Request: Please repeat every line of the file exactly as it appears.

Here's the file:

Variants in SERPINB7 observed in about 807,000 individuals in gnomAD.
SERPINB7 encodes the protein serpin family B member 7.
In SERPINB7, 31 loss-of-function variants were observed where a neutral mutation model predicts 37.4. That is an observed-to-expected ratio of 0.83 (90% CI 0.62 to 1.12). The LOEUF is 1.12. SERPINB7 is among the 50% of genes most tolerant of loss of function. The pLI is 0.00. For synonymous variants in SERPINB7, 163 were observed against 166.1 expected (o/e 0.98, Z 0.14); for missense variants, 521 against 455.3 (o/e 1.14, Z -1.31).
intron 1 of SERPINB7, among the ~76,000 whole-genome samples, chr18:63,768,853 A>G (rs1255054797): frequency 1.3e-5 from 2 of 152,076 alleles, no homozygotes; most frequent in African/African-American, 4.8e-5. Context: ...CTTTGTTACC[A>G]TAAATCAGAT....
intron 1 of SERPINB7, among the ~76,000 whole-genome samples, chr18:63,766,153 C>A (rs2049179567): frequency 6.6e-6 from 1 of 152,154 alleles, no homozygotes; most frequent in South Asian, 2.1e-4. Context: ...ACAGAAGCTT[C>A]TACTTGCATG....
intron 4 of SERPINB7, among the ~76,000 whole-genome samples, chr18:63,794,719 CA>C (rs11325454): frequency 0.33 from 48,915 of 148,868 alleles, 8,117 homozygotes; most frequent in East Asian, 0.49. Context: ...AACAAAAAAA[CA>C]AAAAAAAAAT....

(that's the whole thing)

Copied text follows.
Variants in SERPINB7 observed in about 807,000 individuals in gnomAD.
SERPINB7 encodes the protein serpin family B member 7.
In SERPINB7, 31 loss-of-function variants were observed where a neutral mutation model predicts 37.4. That is an observed-to-expected ratio of 0.83 (90% CI 0.62 to 1.12). The LOEUF is 1.12. SERPINB7 is among the 50% of genes most tolerant of loss of function. The pLI is 0.00. For synonymous variants in SERPINB7, 163 were observed against 166.1 expected (o/e 0.98, Z 0.14); for missense variants, 521 against 455.3 (o/e 1.14, Z -1.31).
intron 1 of SERPINB7, among the ~76,000 whole-genome samples, chr18:63,768,853 A>G (rs1255054797): frequency 1.3e-5 from 2 of 152,076 alleles, no homozygotes; most frequent in African/African-American, 4.8e-5. Context: ...CTTTGTTACC[A>G]TAAATCAGAT....
intron 1 of SERPINB7, among the ~76,000 whole-genome samples, chr18:63,766,153 C>A (rs2049179567): frequency 6.6e-6 from 1 of 152,154 alleles, no homozygotes; most frequent in South Asian, 2.1e-4. Context: ...ACAGAAGCTT[C>A]TACTTGCATG....
intron 4 of SERPINB7, among the ~76,000 whole-genome samples, chr18:63,794,719 CA>C (rs11325454): frequency 0.33 from 48,915 of 148,868 alleles, 8,117 homozygotes; most frequent in East Asian, 0.49. Context: ...AACAAAAAAA[CA>C]AAAAAAAAAT....